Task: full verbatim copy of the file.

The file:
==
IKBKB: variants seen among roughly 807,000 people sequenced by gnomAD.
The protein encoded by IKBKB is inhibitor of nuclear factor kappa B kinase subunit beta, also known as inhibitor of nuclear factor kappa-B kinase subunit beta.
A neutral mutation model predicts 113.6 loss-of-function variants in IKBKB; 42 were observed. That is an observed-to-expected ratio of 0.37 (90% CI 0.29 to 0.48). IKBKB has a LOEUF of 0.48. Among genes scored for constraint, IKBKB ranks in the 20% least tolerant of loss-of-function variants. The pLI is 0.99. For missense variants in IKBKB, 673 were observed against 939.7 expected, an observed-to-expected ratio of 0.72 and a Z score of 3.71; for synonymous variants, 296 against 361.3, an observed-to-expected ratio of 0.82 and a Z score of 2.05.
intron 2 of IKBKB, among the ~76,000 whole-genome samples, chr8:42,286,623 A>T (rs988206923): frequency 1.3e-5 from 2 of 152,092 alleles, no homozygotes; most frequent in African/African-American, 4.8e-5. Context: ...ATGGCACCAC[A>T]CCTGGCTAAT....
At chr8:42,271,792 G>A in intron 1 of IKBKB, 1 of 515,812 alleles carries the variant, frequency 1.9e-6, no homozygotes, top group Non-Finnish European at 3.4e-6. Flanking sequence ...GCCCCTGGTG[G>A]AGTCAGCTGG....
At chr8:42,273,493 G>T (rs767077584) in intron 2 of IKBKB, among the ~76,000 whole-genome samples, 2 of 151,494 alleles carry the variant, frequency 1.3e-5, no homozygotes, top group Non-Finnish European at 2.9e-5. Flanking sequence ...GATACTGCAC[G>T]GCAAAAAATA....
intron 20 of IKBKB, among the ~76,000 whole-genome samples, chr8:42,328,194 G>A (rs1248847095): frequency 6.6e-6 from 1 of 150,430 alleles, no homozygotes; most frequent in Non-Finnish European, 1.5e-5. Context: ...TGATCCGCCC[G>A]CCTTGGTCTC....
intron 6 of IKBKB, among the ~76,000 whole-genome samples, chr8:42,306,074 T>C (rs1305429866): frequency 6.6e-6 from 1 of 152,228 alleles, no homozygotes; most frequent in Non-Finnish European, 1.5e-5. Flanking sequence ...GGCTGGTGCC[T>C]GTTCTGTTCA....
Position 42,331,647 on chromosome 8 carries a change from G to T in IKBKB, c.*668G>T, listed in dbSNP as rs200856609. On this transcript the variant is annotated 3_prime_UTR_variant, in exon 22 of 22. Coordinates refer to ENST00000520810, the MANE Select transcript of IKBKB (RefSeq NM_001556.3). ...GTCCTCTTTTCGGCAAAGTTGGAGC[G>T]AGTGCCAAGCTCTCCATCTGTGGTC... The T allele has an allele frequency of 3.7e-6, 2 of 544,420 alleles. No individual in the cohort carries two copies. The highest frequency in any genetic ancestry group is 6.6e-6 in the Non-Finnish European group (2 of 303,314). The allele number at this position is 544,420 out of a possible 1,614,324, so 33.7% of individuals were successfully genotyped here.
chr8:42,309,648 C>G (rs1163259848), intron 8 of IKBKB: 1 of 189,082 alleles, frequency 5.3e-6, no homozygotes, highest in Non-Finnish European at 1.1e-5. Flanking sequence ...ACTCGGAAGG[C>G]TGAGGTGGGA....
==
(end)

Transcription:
IKBKB: variants seen among roughly 807,000 people sequenced by gnomAD.
The protein encoded by IKBKB is inhibitor of nuclear factor kappa B kinase subunit beta, also known as inhibitor of nuclear factor kappa-B kinase subunit beta.
A neutral mutation model predicts 113.6 loss-of-function variants in IKBKB; 42 were observed. That is an observed-to-expected ratio of 0.37 (90% CI 0.29 to 0.48). IKBKB has a LOEUF of 0.48. Among genes scored for constraint, IKBKB ranks in the 20% least tolerant of loss-of-function variants. The pLI is 0.99. For missense variants in IKBKB, 673 were observed against 939.7 expected, an observed-to-expected ratio of 0.72 and a Z score of 3.71; for synonymous variants, 296 against 361.3, an observed-to-expected ratio of 0.82 and a Z score of 2.05.
intron 2 of IKBKB, among the ~76,000 whole-genome samples, chr8:42,286,623 A>T (rs988206923): frequency 1.3e-5 from 2 of 152,092 alleles, no homozygotes; most frequent in African/African-American, 4.8e-5. Context: ...ATGGCACCAC[A>T]CCTGGCTAAT....
At chr8:42,271,792 G>A in intron 1 of IKBKB, 1 of 515,812 alleles carries the variant, frequency 1.9e-6, no homozygotes, top group Non-Finnish European at 3.4e-6. Flanking sequence ...GCCCCTGGTG[G>A]AGTCAGCTGG....
At chr8:42,273,493 G>T (rs767077584) in intron 2 of IKBKB, among the ~76,000 whole-genome samples, 2 of 151,494 alleles carry the variant, frequency 1.3e-5, no homozygotes, top group Non-Finnish European at 2.9e-5. Flanking sequence ...GATACTGCAC[G>T]GCAAAAAATA....
intron 20 of IKBKB, among the ~76,000 whole-genome samples, chr8:42,328,194 G>A (rs1248847095): frequency 6.6e-6 from 1 of 150,430 alleles, no homozygotes; most frequent in Non-Finnish European, 1.5e-5. Context: ...TGATCCGCCC[G>A]CCTTGGTCTC....
intron 6 of IKBKB, among the ~76,000 whole-genome samples, chr8:42,306,074 T>C (rs1305429866): frequency 6.6e-6 from 1 of 152,228 alleles, no homozygotes; most frequent in Non-Finnish European, 1.5e-5. Flanking sequence ...GGCTGGTGCC[T>C]GTTCTGTTCA....
Position 42,331,647 on chromosome 8 carries a change from G to T in IKBKB, c.*668G>T, listed in dbSNP as rs200856609. On this transcript the variant is annotated 3_prime_UTR_variant, in exon 22 of 22. Coordinates refer to ENST00000520810, the MANE Select transcript of IKBKB (RefSeq NM_001556.3). ...GTCCTCTTTTCGGCAAAGTTGGAGC[G>T]AGTGCCAAGCTCTCCATCTGTGGTC... The T allele has an allele frequency of 3.7e-6, 2 of 544,420 alleles. No individual in the cohort carries two copies. The highest frequency in any genetic ancestry group is 6.6e-6 in the Non-Finnish European group (2 of 303,314). The allele number at this position is 544,420 out of a possible 1,614,324, so 33.7% of individuals were successfully genotyped here.
chr8:42,309,648 C>G (rs1163259848), intron 8 of IKBKB: 1 of 189,082 alleles, frequency 5.3e-6, no homozygotes, highest in Non-Finnish European at 1.1e-5. Flanking sequence ...ACTCGGAAGG[C>G]TGAGGTGGGA....